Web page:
The satellite shot the cruiser Moskva before the sinking

The Sentinel satellite transmitted an image of the Russian cruiser Moskva after two Ukrainian Neptune missiles hit it. The image is formed using a synthesized aperture radar that can see through clouds.

The cruiser Moskva on the Sentinel image. Source:

The Russian cruiser Moskva on the satellite image

The European Earth remote sensing satellite Sentinel transmitted an image of the flagship of the Russian Black Sea Fleet after it was hit by two Ukrainian missiles. The radar image of the cruiser Moskva was received at 6:52 p.m. Kyiv time.

At that time, the sky over the Black Sea was covered with a thick layer of clouds. Because of this, it was impossible to get an image of a burning cruiser. Sentinel uses a synthetic aperture radar capable of seeing through clouds. But even with the help of this device, it was impossible to get a clear image. However, experts from OSINT were able to recognize it quite reliably.

According to the reports of the Russian Ministry of Defense, the satellite shot the Moskva in the last couple of hours before it finally sank. The image shows how a pair of smaller ships came close to the big one. In addition, several other vessels are nearby.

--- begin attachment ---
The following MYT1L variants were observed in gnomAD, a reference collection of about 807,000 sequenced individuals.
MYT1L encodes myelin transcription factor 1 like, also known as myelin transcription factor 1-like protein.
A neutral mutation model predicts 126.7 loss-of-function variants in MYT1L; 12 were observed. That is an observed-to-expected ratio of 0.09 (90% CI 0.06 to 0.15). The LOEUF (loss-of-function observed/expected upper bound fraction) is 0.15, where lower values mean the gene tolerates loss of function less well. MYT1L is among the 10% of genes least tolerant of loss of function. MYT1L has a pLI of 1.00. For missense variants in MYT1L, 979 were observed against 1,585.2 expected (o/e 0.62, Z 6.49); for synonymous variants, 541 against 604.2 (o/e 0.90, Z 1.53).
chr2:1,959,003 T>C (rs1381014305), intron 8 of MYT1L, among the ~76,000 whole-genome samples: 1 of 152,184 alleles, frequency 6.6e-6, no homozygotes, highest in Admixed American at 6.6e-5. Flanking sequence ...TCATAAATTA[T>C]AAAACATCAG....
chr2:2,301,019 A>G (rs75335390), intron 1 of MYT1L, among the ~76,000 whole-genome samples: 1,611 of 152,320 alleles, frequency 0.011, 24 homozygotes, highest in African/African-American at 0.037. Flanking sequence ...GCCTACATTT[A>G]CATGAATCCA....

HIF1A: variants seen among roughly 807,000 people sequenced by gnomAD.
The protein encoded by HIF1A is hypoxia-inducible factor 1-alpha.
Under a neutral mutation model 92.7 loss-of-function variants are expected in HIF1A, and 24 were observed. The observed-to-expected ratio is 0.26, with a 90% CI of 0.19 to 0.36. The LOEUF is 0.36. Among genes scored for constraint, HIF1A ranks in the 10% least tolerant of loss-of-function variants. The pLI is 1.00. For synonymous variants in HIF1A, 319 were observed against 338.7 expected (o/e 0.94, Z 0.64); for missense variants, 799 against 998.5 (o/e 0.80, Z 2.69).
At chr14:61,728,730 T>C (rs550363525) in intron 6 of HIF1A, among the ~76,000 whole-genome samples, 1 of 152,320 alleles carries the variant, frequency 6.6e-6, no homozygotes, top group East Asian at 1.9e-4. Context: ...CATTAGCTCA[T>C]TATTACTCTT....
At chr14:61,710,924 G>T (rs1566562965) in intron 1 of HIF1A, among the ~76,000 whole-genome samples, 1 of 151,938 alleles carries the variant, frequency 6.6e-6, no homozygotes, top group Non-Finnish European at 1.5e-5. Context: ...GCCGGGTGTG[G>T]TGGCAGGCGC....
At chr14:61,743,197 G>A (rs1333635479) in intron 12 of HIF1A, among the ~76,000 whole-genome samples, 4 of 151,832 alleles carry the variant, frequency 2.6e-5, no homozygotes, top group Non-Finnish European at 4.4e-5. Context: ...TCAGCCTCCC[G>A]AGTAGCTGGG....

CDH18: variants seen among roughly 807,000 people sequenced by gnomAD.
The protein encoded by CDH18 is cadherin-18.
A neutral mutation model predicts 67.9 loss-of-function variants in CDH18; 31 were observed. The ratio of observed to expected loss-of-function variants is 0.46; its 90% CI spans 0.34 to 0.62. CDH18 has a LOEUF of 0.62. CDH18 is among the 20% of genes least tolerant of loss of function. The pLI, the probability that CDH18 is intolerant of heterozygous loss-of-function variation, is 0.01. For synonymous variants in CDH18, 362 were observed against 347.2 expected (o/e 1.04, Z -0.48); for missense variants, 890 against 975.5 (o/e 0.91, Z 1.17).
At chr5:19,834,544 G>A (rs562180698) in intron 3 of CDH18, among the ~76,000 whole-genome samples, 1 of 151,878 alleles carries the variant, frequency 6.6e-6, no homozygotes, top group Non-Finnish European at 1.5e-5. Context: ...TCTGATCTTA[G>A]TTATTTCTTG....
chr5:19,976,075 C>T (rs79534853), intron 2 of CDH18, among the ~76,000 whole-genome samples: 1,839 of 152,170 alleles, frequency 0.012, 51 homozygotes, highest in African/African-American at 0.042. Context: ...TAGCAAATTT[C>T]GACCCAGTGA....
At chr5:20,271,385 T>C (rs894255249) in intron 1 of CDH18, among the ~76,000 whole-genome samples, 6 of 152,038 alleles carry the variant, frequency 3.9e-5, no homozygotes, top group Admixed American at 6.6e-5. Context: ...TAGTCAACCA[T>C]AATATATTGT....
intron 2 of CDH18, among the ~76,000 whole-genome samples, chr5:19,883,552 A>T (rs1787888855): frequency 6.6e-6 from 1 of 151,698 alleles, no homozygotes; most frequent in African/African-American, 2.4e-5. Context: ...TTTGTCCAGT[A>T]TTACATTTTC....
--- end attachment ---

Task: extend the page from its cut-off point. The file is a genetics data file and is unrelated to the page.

It was also possible to pinpoint the coordinates of the Moskva at that moment: 45°10′43.39″N, 30°55′30.54″E. The Russian ship was located east of Snake Island, about 150 km from Odesa and 95 km from the nearest Ukrainian coast.

How the Moskva was noticed

The cruiser Moskva is not only 16 cruise missile launchers, but also a powerful air defense system that covers both the ship itself and the entire Russian squadron around it. Therefore, when Ukraine reported its defeat by Neptune missiles, everyone immediately rushed to look for confirmation on satellite images.

However, it was at this moment the storm was raging at sea, and even an object 190 m long could not be photographed by the same Maxar satellites. This is where synthetic aperture radars on satellites, which have been “trained” to transmit information promptly for the last two months, get in handy.

A synthesized aperture radar, like other types of similar devices, emits radio signals and receives their reflection from objects. However, unlike other types, it does not form an image instantly, but “remembers” the characteristics of the target and the position of the satellite at that moment. And when the satellite shifts, by changing the direction and intensity of the signal, we can reliably determine its source and create a clear image.

According to